Our Man in Paris Ben Ellis reports that the Comédie-Française has effectively banned Peter Handke's plays from its repertoire, after it was reported that he assisted with Slobodan Milosevic's funeral arrangements. Ben translates the Le Monde article:
"I am happy to be close to Slobodan Milosevic, who defended his people," the author is reported telling the Nouvel Observateur for its April 6 edition.
The decision to pull a production scheduled for the first half of next year was taken by Marcel Bozonnet, the general administrator of the company, saying that his blood ran cold when he read the article and that Handke's pro-Serbian politics remain "an outrage to the victims".
Handke's politics have literally caused riots since the early 1990s. In 1997 he released A Journey to the Rivers: Justice for Serbia, a short, hallucinatory book which argued that the Srebrenica massacres never happened, and in 1999 he gave back the 10,000-mark Georg Büchner literature prize money he had won in 1973 - and left the Catholic church - because of his opposition to the NATO attacks on Belgrade.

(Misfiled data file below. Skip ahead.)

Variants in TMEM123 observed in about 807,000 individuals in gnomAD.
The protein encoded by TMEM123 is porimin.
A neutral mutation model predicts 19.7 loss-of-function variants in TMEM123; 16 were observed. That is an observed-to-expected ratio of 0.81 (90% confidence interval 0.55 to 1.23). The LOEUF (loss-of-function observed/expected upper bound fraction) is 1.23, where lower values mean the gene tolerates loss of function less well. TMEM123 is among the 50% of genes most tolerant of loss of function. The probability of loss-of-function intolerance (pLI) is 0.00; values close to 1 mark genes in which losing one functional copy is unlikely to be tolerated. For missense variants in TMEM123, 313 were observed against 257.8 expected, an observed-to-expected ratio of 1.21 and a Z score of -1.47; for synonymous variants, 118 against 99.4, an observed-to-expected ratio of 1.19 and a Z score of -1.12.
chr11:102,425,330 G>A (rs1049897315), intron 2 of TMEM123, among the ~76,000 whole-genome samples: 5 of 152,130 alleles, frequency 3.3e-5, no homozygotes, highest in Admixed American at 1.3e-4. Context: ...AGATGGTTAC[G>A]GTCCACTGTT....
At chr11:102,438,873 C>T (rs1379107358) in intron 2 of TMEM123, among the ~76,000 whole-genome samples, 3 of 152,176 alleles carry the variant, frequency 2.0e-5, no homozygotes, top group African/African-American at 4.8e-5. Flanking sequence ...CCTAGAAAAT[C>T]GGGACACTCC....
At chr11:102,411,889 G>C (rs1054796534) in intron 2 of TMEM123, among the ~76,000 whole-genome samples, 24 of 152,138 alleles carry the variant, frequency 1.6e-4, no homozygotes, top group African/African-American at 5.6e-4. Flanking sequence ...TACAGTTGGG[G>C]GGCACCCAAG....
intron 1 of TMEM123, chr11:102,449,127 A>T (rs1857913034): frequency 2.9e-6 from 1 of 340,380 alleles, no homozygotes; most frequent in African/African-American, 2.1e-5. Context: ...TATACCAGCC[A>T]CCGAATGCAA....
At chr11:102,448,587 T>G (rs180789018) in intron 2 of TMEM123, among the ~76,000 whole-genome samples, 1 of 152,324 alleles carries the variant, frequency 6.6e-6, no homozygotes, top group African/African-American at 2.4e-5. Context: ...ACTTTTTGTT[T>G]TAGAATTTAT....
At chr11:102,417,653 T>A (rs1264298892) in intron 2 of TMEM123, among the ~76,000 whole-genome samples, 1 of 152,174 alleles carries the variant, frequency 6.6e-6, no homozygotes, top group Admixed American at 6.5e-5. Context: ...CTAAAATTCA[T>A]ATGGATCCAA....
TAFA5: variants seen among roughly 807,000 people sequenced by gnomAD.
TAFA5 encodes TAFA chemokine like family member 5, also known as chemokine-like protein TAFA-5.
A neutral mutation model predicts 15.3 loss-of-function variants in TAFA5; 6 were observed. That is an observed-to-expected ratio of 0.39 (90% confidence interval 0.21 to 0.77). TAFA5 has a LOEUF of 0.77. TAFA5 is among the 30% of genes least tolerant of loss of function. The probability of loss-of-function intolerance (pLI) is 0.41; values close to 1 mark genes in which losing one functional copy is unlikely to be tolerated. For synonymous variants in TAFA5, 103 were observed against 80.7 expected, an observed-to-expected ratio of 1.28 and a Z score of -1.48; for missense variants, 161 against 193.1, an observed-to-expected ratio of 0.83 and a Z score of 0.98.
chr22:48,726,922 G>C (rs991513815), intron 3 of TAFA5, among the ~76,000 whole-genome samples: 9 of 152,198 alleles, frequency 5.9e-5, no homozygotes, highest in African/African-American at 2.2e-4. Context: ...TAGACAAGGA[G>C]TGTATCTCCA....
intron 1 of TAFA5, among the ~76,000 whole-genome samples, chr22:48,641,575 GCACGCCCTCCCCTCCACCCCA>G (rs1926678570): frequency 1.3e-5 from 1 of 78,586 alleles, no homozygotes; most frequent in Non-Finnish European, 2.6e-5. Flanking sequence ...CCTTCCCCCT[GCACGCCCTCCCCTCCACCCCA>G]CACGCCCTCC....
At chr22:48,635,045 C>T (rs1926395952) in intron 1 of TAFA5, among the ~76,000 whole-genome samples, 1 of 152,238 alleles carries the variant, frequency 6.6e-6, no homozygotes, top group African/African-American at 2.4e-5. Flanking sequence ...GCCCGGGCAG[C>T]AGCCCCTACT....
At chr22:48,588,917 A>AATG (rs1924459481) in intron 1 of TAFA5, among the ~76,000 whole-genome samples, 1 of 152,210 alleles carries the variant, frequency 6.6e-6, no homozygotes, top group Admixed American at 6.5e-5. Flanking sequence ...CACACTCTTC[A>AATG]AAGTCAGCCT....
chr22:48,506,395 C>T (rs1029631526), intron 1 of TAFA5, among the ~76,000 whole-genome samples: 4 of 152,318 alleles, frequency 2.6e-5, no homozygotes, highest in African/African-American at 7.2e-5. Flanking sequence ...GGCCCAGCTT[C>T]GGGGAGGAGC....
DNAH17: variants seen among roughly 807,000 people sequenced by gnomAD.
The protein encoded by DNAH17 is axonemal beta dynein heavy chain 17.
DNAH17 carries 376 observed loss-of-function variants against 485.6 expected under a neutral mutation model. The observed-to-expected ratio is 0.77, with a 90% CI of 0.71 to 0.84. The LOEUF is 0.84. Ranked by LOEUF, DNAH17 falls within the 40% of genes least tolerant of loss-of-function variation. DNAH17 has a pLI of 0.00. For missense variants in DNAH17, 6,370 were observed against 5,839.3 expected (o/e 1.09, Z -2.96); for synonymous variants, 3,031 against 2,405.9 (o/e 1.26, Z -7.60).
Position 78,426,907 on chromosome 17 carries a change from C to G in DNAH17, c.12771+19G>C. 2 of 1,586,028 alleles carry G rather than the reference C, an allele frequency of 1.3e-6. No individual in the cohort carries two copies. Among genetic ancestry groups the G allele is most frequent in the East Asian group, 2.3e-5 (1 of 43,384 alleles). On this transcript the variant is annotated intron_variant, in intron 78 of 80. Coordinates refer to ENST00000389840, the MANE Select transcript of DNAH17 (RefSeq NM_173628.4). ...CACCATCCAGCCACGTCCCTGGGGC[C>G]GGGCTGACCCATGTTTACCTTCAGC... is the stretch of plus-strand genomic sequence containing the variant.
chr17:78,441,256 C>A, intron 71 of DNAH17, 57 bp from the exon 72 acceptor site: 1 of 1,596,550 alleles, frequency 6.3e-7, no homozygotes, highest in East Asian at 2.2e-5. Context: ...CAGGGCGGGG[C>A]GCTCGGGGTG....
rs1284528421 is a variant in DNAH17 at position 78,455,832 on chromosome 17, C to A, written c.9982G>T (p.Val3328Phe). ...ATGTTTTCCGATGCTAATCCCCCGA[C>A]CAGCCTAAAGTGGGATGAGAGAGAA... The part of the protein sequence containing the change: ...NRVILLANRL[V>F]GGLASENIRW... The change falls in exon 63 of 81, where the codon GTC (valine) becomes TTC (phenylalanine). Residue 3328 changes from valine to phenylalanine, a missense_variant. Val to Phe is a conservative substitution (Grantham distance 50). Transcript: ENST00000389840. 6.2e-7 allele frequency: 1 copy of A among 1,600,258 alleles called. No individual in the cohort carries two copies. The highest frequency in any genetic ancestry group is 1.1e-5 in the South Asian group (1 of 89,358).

Unlike the My Name is Rachel Corrie controversy, the Comédie-Française is up-front about its decision - no shilly-shallying here. "Even if the work isn't a piece of propaganda," says Bozonnet, "it offers the author a public visibility. I don't feel like giving it to him... I understand the position of those who differentiate the work from the author, but for the moment, I just can't resolve that myself."
The question remains: is it right to ban artistic works - in this case works of unarguable artistic merit - because its author holds distasteful political views? Bozonnet, to his credit, puts his finger on the dilemma, and takes responsibility for his subsequent decision, but the decision still makes me profoundly uneasy. It will be interesting to see what happens.
Friday, April 28, 2006